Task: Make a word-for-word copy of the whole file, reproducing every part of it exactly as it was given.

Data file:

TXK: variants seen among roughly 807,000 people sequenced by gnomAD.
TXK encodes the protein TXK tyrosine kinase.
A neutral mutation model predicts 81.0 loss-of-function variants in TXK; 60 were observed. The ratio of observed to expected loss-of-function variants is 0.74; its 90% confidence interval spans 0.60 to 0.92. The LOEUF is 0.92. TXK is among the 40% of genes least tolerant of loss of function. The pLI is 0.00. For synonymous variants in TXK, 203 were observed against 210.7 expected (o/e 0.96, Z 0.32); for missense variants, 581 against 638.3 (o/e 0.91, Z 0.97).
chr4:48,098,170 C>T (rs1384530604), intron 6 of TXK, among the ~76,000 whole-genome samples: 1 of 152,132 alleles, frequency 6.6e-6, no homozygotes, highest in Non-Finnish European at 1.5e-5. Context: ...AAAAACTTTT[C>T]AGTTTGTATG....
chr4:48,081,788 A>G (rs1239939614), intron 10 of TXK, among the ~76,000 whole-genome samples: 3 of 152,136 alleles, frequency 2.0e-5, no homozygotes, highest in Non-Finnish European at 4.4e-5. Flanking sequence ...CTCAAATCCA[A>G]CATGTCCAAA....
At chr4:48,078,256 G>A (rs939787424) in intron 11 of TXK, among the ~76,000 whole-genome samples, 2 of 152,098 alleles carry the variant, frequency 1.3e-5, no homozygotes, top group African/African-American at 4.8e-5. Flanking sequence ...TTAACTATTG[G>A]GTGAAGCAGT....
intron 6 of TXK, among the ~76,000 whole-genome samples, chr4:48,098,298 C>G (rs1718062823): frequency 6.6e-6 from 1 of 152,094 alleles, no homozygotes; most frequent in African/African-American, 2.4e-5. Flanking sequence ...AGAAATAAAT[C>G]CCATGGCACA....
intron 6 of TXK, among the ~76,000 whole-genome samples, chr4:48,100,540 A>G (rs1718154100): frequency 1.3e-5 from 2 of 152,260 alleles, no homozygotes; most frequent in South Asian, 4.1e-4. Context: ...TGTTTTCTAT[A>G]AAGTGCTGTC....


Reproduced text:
TXK: variants seen among roughly 807,000 people sequenced by gnomAD.
TXK encodes the protein TXK tyrosine kinase.
A neutral mutation model predicts 81.0 loss-of-function variants in TXK; 60 were observed. The ratio of observed to expected loss-of-function variants is 0.74; its 90% confidence interval spans 0.60 to 0.92. The LOEUF is 0.92. TXK is among the 40% of genes least tolerant of loss of function. The pLI is 0.00. For synonymous variants in TXK, 203 were observed against 210.7 expected (o/e 0.96, Z 0.32); for missense variants, 581 against 638.3 (o/e 0.91, Z 0.97).
chr4:48,098,170 C>T (rs1384530604), intron 6 of TXK, among the ~76,000 whole-genome samples: 1 of 152,132 alleles, frequency 6.6e-6, no homozygotes, highest in Non-Finnish European at 1.5e-5. Context: ...AAAAACTTTT[C>T]AGTTTGTATG....
chr4:48,081,788 A>G (rs1239939614), intron 10 of TXK, among the ~76,000 whole-genome samples: 3 of 152,136 alleles, frequency 2.0e-5, no homozygotes, highest in Non-Finnish European at 4.4e-5. Flanking sequence ...CTCAAATCCA[A>G]CATGTCCAAA....
At chr4:48,078,256 G>A (rs939787424) in intron 11 of TXK, among the ~76,000 whole-genome samples, 2 of 152,098 alleles carry the variant, frequency 1.3e-5, no homozygotes, top group African/African-American at 4.8e-5. Flanking sequence ...TTAACTATTG[G>A]GTGAAGCAGT....
intron 6 of TXK, among the ~76,000 whole-genome samples, chr4:48,098,298 C>G (rs1718062823): frequency 6.6e-6 from 1 of 152,094 alleles, no homozygotes; most frequent in African/African-American, 2.4e-5. Flanking sequence ...AGAAATAAAT[C>G]CCATGGCACA....
intron 6 of TXK, among the ~76,000 whole-genome samples, chr4:48,100,540 A>G (rs1718154100): frequency 1.3e-5 from 2 of 152,260 alleles, no homozygotes; most frequent in South Asian, 4.1e-4. Context: ...TGTTTTCTAT[A>G]AAGTGCTGTC....